Though intimidated by my inability to cross-hatch well, I attempted the squiggles in ink.  Using a fountain pen with a fine or extra fine nib, I enjoyed hour after hour of squiggling.

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the success of last weekend’s workshop in Columbia, Maryland has given me hope that I will be able to share my love of pen and ink in future workshops.  Thank you lovely ladies and amazing artists (Kathy, Margie, Patty, Heather, Julie, Edna, Ann and Nancy) for making one of my dreams come true!

2015 Scheduled Exhibits, Workshops and Demonstrations:


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     Click here to go to my Vimeo Page.




strata 7 abstract watercolorMarch 12, 2016 – Dorchester Center for the Arts – Cambridge, Maryland – Playful Watercolor Techniques

Experiment with a variety of techniques to enhance your unique creativity and style. Explore wet in wet, glazing, splattering, dry brush, pushing the puddle and atomizing.

Click here to register online.

Click here to view Materials List. 



March 31, April 7 & 14, 2016 – ART @ 1275 Studio & Gallery LLC – Three-Day Color Workshop – Mixing Color, Color Value, Color Schemes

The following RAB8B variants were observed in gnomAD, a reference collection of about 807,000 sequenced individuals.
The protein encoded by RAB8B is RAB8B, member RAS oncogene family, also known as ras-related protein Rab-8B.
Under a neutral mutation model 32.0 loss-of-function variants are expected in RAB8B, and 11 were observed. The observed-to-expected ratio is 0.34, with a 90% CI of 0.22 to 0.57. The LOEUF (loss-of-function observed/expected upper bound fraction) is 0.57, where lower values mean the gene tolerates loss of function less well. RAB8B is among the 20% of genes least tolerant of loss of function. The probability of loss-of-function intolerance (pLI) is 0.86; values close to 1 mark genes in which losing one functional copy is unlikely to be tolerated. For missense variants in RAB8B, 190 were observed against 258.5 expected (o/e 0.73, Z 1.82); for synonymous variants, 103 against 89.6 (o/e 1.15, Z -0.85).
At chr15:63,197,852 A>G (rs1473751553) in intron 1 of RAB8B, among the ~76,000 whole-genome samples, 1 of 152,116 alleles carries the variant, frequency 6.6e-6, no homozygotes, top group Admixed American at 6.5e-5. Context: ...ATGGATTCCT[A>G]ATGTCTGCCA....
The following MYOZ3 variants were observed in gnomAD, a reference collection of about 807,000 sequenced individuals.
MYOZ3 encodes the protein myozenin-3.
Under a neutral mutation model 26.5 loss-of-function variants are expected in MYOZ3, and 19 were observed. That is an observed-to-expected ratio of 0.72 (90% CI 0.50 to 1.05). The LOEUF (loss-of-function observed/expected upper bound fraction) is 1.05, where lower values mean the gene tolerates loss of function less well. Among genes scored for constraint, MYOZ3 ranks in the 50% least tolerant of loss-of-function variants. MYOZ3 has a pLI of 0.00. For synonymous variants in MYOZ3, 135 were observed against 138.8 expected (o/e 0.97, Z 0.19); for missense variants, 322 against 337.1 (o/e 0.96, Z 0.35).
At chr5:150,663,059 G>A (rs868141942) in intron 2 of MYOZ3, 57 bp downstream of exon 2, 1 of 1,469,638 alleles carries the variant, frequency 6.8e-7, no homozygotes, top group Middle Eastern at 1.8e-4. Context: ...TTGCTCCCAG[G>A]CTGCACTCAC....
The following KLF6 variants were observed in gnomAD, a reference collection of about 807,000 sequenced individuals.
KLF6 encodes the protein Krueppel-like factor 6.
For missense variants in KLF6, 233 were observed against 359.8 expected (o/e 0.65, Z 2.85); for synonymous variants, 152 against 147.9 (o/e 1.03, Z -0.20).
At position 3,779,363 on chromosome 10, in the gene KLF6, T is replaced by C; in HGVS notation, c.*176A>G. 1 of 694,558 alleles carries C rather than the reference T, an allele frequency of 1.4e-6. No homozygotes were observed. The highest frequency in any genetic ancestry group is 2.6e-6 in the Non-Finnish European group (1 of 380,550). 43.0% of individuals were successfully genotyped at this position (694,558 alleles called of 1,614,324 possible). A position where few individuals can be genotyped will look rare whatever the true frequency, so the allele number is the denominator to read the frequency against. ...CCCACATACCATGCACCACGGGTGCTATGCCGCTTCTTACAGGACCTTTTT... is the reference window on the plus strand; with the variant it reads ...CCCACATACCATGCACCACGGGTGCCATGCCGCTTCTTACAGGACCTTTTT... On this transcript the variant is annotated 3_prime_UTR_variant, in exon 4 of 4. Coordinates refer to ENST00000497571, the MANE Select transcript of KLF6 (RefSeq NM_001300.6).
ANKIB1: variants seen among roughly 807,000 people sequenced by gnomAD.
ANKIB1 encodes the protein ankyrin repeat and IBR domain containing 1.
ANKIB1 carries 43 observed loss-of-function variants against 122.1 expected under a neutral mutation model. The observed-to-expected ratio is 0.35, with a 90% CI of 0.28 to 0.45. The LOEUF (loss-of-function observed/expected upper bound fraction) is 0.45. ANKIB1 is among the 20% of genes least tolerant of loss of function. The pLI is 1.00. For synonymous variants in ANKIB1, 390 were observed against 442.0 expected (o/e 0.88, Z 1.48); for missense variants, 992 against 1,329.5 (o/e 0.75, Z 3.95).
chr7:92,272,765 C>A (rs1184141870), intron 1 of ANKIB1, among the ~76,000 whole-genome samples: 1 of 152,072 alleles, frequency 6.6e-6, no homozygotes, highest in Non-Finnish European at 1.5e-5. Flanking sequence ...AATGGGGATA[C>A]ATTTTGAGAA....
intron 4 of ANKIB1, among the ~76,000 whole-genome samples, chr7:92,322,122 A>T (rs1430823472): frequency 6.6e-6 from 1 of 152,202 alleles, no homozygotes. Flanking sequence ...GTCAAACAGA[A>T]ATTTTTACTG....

… Click here for details and registration information.




October 3-6, 2016 – The Court Cupboard Craft Gallery, Monmouthshire, Wales, UK Creative Colour / Expressive Design.

Full colour with a limited palette – Playful Color using color schemes – Elements of Art: design vs. composition – Personal Mood and Expression

Full …. contact me to be put on wait list.


View from Le Bassin de Neptune, Versailles, France

October 7, 2016 – The Court Cupboard Craft Gallery, Monmouthshire, Wales, UK Impetuous Ink with a Splash of Watercolour

Delightful sketchbook techniques that will have you drawing daily.  Each artist will receive a fountain pen and learn how to clean and care for it.

Click here for more details and to register online




February – March 2016 – Solo Exhibit – Dorchester Center for the Arts, Cambridge, MD

November 2016 – January 2017 – Solo Exhibit – Carol G. Simon Cancer Center, Morristown Medical Center, Morristown, NJ